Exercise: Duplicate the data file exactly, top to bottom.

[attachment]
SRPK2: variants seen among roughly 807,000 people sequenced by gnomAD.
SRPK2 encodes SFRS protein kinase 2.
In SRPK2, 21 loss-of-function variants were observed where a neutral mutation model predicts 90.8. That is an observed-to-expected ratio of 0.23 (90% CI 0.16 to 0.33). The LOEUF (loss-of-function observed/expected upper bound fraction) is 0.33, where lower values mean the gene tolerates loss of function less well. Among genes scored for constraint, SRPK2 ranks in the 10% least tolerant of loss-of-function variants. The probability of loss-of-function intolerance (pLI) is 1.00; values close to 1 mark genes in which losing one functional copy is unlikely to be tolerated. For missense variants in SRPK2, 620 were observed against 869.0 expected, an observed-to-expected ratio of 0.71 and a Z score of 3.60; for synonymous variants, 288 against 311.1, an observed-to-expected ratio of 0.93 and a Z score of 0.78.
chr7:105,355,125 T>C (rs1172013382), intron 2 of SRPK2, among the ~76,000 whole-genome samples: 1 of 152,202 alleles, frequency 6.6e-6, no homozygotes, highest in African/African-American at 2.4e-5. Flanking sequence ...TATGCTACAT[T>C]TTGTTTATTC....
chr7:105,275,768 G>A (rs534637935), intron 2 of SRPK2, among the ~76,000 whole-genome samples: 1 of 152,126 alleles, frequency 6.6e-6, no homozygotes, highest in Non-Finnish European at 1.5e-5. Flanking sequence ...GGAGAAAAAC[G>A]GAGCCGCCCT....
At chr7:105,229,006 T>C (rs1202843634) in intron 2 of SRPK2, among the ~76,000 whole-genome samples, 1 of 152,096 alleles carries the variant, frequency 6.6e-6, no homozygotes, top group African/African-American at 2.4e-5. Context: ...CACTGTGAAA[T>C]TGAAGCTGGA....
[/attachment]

SRPK2: variants seen among roughly 807,000 people sequenced by gnomAD.
SRPK2 encodes SFRS protein kinase 2.
In SRPK2, 21 loss-of-function variants were observed where a neutral mutation model predicts 90.8. That is an observed-to-expected ratio of 0.23 (90% CI 0.16 to 0.33). The LOEUF (loss-of-function observed/expected upper bound fraction) is 0.33, where lower values mean the gene tolerates loss of function less well. Among genes scored for constraint, SRPK2 ranks in the 10% least tolerant of loss-of-function variants. The probability of loss-of-function intolerance (pLI) is 1.00; values close to 1 mark genes in which losing one functional copy is unlikely to be tolerated. For missense variants in SRPK2, 620 were observed against 869.0 expected, an observed-to-expected ratio of 0.71 and a Z score of 3.60; for synonymous variants, 288 against 311.1, an observed-to-expected ratio of 0.93 and a Z score of 0.78.
chr7:105,355,125 T>C (rs1172013382), intron 2 of SRPK2, among the ~76,000 whole-genome samples: 1 of 152,202 alleles, frequency 6.6e-6, no homozygotes, highest in African/African-American at 2.4e-5. Flanking sequence ...TATGCTACAT[T>C]TTGTTTATTC....
chr7:105,275,768 G>A (rs534637935), intron 2 of SRPK2, among the ~76,000 whole-genome samples: 1 of 152,126 alleles, frequency 6.6e-6, no homozygotes, highest in Non-Finnish European at 1.5e-5. Flanking sequence ...GGAGAAAAAC[G>A]GAGCCGCCCT....
At chr7:105,229,006 T>C (rs1202843634) in intron 2 of SRPK2, among the ~76,000 whole-genome samples, 1 of 152,096 alleles carries the variant, frequency 6.6e-6, no homozygotes, top group African/African-American at 2.4e-5. Context: ...CACTGTGAAA[T>C]TGAAGCTGGA....